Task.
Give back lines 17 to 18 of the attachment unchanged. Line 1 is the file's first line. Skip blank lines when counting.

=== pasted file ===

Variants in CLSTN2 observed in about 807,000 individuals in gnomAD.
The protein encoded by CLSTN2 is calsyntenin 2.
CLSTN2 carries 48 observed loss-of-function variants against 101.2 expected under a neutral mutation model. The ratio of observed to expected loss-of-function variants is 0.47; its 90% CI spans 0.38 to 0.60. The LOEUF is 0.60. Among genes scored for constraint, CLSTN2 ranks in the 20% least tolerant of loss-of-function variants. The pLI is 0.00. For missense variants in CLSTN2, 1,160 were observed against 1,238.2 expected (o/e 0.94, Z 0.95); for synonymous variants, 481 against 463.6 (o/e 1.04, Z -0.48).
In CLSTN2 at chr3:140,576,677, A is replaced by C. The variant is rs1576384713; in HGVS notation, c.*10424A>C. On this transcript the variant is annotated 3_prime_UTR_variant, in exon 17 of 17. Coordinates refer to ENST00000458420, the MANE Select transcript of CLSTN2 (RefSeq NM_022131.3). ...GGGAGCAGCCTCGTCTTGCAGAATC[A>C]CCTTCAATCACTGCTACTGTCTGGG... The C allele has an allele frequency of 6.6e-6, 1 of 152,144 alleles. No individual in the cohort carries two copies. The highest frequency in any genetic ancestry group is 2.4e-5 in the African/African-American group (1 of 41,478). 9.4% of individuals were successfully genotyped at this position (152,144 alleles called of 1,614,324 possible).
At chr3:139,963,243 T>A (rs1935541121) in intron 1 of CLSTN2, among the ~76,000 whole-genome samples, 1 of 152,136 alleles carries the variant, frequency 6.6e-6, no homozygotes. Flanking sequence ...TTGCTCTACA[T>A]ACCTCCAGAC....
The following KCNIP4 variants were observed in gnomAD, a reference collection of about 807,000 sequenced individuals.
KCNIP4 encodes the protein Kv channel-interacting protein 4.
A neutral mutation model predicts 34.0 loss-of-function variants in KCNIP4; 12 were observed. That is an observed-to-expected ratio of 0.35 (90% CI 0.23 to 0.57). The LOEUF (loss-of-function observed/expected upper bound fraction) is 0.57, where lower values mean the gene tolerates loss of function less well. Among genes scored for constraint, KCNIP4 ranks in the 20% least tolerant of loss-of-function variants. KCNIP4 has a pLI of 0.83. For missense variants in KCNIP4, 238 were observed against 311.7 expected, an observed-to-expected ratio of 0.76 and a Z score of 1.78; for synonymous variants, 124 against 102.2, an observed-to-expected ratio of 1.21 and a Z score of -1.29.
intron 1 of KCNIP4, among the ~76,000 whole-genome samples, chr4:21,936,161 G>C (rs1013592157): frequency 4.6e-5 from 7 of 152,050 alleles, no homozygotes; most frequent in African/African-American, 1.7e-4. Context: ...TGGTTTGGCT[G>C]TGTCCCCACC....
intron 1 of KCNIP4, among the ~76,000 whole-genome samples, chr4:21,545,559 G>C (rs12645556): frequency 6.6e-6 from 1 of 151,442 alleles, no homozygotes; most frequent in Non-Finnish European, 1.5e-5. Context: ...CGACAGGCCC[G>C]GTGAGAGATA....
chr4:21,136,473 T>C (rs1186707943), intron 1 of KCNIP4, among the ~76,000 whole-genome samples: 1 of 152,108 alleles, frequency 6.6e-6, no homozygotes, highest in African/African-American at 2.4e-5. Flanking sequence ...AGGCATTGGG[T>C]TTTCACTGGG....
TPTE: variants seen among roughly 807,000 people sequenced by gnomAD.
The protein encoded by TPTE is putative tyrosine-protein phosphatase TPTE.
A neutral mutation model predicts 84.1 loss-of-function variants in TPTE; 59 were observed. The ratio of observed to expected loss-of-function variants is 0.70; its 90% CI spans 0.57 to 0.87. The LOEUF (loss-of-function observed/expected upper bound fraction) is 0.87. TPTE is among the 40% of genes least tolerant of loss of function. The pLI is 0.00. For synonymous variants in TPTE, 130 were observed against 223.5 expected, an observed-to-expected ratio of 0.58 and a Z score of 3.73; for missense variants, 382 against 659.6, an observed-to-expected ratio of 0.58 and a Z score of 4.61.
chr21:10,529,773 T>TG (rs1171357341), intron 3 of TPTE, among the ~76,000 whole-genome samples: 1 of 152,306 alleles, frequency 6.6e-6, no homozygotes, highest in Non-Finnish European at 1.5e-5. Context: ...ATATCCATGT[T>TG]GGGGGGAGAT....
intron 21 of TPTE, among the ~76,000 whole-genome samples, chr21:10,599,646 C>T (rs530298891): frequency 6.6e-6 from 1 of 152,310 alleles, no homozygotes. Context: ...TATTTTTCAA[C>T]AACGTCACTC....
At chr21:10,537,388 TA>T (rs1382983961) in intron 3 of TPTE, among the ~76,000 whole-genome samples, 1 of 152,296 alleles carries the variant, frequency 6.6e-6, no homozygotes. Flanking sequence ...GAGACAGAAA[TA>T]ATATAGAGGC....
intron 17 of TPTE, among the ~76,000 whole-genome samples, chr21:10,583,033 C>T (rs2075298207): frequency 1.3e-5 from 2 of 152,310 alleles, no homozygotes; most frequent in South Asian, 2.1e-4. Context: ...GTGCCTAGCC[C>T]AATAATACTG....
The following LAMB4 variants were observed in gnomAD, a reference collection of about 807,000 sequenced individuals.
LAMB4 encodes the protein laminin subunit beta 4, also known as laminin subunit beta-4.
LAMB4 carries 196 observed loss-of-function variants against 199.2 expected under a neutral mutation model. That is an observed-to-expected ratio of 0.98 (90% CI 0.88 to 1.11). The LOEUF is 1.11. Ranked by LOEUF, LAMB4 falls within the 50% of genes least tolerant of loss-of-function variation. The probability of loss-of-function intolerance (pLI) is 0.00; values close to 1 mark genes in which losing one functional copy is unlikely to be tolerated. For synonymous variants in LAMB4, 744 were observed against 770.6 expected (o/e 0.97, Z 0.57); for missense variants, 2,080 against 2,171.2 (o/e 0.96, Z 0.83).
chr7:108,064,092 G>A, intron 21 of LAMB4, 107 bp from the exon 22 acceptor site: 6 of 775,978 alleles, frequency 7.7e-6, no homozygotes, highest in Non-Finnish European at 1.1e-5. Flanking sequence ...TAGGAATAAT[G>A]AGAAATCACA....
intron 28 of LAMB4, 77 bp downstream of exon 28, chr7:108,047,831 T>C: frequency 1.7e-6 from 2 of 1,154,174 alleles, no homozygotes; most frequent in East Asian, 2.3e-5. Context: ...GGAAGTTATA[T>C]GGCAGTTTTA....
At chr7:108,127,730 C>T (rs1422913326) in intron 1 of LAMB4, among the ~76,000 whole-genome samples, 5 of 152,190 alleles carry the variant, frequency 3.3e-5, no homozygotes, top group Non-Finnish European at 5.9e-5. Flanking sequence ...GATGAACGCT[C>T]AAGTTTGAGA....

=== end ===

At chr21:10,537,388 TA>T (rs1382983961) in intron 3 of TPTE, among the ~76,000 whole-genome samples, 1 of 152,296 alleles carries the variant, frequency 6.6e-6, no homozygotes. Flanking sequence ...GAGACAGAAA[TA>T]ATATAGAGGC....
intron 17 of TPTE, among the ~76,000 whole-genome samples, chr21:10,583,033 C>T (rs2075298207): frequency 1.3e-5 from 2 of 152,310 alleles, no homozygotes; most frequent in South Asian, 2.1e-4. Context: ...GTGCCTAGCC[C>T]AATAATACTG....